The effect of different mechanical and chemical pre-treatments on the adhesion strength of hydroxyapatite (HAp) coating on a commercially pure titanium (CP-Ti) substrate was studied by means of a standard tensile test followed by microscopic and chemical analysis to determine the locus of fracture. In addition, the effects of either these pre-treatments or post-treatment by low-energy electron irradiation, which allowed tuning the wettability of the surface, on both osteoblast progenitor attachment and S. aureus bacteria attachment were investigated. A dedicated program was developed for unambiguous identification and count of stained cells. A single-phase HAp coating was formed by electrodeposition. A series of surface pre-treatments consisted of grinding down to P1000, etching in HNO 3/HF solution, grit blast, soaking in NaOH and subsequent heat treatment provided the highest adhesion strength to the HAp coating. Osteoblast progenitors derived from rats may be attached preferentially to a hydrophilic surface (post-treatment to θ = 30°), while the bacteria seemed to be less attached to hydrophobic surfaces (post-treatment to θ = 105°). However, the results were not statistically different. The bacteria seemed to be less attached to the smoother, uncoated surfaces.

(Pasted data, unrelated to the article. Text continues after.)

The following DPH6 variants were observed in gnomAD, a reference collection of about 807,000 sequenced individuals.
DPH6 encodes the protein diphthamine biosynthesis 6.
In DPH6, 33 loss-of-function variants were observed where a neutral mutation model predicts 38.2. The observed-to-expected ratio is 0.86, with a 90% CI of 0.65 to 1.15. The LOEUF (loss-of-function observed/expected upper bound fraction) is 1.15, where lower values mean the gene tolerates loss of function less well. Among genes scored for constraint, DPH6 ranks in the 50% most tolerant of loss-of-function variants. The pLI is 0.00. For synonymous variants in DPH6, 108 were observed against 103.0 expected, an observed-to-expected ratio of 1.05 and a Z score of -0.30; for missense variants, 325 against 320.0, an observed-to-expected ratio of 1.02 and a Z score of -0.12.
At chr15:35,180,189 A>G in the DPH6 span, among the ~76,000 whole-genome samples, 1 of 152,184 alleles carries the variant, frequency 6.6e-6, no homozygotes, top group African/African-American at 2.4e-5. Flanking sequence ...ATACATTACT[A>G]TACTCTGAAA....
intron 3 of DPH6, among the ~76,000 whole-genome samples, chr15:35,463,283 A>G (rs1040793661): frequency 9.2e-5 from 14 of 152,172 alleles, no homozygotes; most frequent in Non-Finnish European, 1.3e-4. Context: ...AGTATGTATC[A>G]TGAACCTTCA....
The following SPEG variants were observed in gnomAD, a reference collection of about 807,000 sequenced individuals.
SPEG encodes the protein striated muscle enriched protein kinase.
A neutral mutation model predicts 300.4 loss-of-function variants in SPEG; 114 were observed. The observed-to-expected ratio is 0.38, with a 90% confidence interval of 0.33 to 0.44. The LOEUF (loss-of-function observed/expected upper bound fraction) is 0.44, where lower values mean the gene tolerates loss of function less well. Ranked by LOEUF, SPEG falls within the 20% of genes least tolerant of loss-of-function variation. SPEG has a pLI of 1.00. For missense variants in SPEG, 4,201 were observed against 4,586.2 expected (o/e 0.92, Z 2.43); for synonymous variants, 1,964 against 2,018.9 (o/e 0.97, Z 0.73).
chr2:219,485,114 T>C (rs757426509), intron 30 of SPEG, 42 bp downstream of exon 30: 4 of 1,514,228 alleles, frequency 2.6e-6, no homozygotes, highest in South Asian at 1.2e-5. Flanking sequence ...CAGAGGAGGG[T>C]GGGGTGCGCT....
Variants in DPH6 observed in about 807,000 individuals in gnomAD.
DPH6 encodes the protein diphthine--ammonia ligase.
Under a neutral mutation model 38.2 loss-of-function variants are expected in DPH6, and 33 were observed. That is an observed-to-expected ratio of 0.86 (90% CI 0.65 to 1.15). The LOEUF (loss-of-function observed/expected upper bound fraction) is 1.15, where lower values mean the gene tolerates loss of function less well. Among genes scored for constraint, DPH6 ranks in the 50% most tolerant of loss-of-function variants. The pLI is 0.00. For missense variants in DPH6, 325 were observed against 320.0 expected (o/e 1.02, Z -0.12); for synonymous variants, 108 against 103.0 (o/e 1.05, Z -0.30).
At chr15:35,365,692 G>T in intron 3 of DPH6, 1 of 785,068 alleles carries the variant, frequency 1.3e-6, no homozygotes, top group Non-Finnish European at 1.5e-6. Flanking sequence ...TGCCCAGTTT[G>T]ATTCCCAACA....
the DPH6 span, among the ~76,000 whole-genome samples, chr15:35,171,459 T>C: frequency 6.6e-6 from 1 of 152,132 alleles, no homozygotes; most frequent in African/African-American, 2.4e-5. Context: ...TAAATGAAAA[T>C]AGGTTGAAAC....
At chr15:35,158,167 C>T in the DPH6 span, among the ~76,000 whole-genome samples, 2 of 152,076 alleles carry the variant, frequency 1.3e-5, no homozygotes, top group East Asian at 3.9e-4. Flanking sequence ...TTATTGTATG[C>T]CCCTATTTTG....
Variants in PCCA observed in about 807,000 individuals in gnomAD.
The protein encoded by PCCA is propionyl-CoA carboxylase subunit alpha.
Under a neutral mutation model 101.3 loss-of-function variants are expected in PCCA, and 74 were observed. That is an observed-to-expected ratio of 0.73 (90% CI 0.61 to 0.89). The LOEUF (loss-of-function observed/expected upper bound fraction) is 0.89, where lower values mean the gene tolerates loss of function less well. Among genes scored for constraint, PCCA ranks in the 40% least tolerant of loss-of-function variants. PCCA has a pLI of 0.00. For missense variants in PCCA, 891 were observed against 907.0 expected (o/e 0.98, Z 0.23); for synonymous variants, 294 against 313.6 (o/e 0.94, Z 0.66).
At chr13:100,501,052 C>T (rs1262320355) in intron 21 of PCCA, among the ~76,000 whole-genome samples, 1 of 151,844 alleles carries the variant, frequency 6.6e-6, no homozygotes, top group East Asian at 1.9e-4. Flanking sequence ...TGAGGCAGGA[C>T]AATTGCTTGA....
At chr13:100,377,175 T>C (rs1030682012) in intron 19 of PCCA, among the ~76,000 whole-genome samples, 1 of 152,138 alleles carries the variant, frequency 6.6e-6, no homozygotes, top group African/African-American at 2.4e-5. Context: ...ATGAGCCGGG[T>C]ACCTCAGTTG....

|Number of pages||12|
|Journal||Journal of Materials Science: Materials in Medicine|
|State||Published - Jul 2011|